The premenstrual syndrome: A brief history

Richardson, John T. E. (1995). The premenstrual syndrome: A brief history. Social Science & Medicine, 41(6) pp. 761–767.

DOI: https://doi.org/10.1016/0277-9536(95)00042-6

Abstract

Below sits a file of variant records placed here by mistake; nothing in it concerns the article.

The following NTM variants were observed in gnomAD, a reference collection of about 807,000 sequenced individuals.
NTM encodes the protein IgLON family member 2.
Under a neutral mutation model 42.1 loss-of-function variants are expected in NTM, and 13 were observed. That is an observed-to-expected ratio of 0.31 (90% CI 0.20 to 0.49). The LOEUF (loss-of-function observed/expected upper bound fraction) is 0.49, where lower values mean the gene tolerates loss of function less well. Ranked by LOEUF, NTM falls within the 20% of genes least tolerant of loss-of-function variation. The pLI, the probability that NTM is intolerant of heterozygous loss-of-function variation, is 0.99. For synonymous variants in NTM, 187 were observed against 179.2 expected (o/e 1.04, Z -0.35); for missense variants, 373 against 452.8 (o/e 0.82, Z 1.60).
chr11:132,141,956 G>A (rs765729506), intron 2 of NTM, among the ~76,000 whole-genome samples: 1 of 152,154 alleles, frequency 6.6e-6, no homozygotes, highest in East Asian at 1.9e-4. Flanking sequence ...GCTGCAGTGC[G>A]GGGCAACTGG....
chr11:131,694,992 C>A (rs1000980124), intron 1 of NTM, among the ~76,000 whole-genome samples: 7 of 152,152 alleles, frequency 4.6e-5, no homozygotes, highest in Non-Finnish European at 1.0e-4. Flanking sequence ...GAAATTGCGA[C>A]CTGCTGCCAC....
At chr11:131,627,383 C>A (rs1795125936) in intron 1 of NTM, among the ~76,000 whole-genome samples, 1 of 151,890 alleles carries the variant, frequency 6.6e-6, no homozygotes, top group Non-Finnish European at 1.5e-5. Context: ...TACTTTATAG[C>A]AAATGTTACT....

This paper describes the origins and development of the modern concept of premenstrual syndrome (PMS). Symptoms associated with the premenstrual phase of the menstrual cycle have been acknowledged by physicians and in the general culture for little more than 60 years, while the notion that they define a clinical syndrome is exactly 40 years old. These symptoms are experienced as being primarily psychological (with emotional, somatic and behavioural components), their aetiology is as yet not known, their prevalence varies widely across different cultural groups, and they appear to respond to inactive placebos as effectively as to active preparations. However, the empirical basis for PMS is unclear, and the very use of the term ‘syndrome’ in this context has a number of connotations about which at least some researchers are exceedingly sceptical.

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